Everybody knows this president is in political trouble, even the president himself. For he faces a growing crisis of confidence, and it's got his name all over it: Obamacare.
Day after day, Barack Obama's "signature achievement" begins to look like his signature failure. And the more he tries to grapple with it, tweak and twist it, and generally rearrange the deck chairs on this ship still again, the more trouble he invites. And the more abject and prolix his apologies for it become, the bigger this fiasco becomes.
Thursday the president offered a hazy, temporary fix for only one part of this fine mess he's got us all into, and maybe only because it's the part that's drawn the most fire for now: forcing millions of Americans to give up the insurance they have now and still want. But other snafus are sure to be revealed.
Even if the president manages to change this law by executive fiat, as has become his wont, it remains a political, administrative and logistical nightmare. His glib assurances that some kind of Technical Surge will turn this political albatross into a political asset ... resound ever more hollow.
Millions of Americans may actually have believed his promise that they could keep their private insurance if they liked it. But that was before all those cancellation notices began arriving -- and even more may now be on the way.
The president has assured all those anxious policyholders that they really will be able to keep their insurance -- for one (1) year. After that, who knows? Which is why his latest attempt to assuage their anger might suceeed, but for only one (1) year. It'll be a year of uncertainty and anxiety, for what happens after that? The president may wind up not easing this confidence of crisis in his presidency but prolonging it.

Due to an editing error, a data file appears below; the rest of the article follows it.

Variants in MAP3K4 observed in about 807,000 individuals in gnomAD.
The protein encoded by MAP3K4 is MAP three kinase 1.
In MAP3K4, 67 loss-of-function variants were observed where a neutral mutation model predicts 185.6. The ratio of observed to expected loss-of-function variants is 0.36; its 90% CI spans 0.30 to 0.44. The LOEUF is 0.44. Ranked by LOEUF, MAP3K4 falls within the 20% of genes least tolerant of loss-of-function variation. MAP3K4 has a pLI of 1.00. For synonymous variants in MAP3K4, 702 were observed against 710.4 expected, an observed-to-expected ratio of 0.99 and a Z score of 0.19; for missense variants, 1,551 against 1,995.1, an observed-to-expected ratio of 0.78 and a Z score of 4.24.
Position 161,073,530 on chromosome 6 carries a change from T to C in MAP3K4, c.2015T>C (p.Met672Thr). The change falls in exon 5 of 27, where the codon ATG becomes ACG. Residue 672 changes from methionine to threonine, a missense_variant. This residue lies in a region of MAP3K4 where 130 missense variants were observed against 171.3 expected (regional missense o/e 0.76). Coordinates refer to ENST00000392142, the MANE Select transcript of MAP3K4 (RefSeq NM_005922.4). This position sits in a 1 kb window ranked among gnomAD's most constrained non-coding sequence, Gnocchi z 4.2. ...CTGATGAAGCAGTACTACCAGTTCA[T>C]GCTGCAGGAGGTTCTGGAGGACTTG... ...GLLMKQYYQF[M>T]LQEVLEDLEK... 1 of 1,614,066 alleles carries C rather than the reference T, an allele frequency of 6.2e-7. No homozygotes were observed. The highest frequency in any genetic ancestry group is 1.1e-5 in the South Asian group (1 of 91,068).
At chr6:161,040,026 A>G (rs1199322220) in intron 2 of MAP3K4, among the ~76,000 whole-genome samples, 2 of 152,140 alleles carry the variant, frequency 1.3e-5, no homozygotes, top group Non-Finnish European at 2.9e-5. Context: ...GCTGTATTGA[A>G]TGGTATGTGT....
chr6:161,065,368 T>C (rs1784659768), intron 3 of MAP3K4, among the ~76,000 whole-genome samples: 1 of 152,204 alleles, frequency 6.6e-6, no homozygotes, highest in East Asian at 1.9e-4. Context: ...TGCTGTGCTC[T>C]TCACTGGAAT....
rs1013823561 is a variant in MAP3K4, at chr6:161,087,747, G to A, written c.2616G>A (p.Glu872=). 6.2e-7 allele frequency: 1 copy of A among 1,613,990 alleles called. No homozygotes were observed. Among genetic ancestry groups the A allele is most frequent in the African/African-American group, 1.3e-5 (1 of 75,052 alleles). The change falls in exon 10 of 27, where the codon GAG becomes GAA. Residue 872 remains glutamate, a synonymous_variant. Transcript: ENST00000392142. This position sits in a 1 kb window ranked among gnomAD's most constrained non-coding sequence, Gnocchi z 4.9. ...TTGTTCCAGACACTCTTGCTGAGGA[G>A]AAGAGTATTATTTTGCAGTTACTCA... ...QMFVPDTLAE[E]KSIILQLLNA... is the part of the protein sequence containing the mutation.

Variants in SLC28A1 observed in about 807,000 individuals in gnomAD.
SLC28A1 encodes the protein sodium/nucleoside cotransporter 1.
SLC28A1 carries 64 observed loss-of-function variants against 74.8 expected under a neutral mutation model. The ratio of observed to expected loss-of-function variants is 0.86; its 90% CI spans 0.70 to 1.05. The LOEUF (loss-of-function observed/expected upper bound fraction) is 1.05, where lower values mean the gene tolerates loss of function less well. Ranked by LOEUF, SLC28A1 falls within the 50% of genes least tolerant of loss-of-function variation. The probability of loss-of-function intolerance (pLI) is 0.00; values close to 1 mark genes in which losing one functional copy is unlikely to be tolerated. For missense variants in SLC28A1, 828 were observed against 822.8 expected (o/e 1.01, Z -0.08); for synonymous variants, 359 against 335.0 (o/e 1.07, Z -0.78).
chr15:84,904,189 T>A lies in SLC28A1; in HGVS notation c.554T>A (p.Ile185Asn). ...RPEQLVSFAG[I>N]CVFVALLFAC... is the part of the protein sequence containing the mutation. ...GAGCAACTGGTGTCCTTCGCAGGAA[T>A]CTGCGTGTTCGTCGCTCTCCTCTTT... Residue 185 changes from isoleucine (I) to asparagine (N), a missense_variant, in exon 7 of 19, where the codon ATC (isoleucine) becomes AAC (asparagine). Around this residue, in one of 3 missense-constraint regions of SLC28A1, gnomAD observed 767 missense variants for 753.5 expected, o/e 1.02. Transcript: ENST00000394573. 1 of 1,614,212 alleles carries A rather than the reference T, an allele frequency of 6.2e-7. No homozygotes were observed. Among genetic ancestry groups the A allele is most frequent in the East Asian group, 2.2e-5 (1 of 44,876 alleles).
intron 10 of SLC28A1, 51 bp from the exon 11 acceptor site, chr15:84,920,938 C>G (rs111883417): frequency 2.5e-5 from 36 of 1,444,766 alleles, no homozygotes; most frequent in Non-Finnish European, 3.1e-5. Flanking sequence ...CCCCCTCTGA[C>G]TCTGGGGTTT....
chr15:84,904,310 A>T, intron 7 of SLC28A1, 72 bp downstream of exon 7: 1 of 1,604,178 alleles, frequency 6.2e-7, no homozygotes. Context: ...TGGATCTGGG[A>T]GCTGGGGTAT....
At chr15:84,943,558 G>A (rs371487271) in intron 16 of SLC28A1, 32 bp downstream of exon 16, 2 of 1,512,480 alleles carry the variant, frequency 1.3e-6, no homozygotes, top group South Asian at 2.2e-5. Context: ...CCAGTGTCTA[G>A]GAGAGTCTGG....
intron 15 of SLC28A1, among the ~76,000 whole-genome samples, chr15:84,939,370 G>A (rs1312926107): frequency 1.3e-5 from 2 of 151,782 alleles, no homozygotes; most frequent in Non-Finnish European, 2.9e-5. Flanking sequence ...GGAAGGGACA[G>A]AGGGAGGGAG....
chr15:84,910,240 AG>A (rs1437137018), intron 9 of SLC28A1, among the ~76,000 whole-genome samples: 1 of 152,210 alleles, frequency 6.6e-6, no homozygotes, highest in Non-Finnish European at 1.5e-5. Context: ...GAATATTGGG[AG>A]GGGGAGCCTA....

If you think this is a political crisis, it's nothing compared to the rebuke administered to another smooth-talking president a couple of decades ago. Remember the congressional elections of 1994? They were dubbed the Republican Revolution, and for good reason. The GOP took control of both houses of Congress that year by impressive, even historic, margins. It picked up eight seats in the Senate and gained 54 in the House. And it did so by offering voters a Contract With America that promised just about a complete reversal of all the man in the White House that year had come to represent -- ever bigger and ever worse government.
The political turnaround that fateful year was more than dramatic; it was historic. Talk about a change: Before those midterm elections in 1994, Republicans hadn't held a majority in the House for 40 years -- not since the Congress that was elected alongside Dwight Eisenhower in 1952.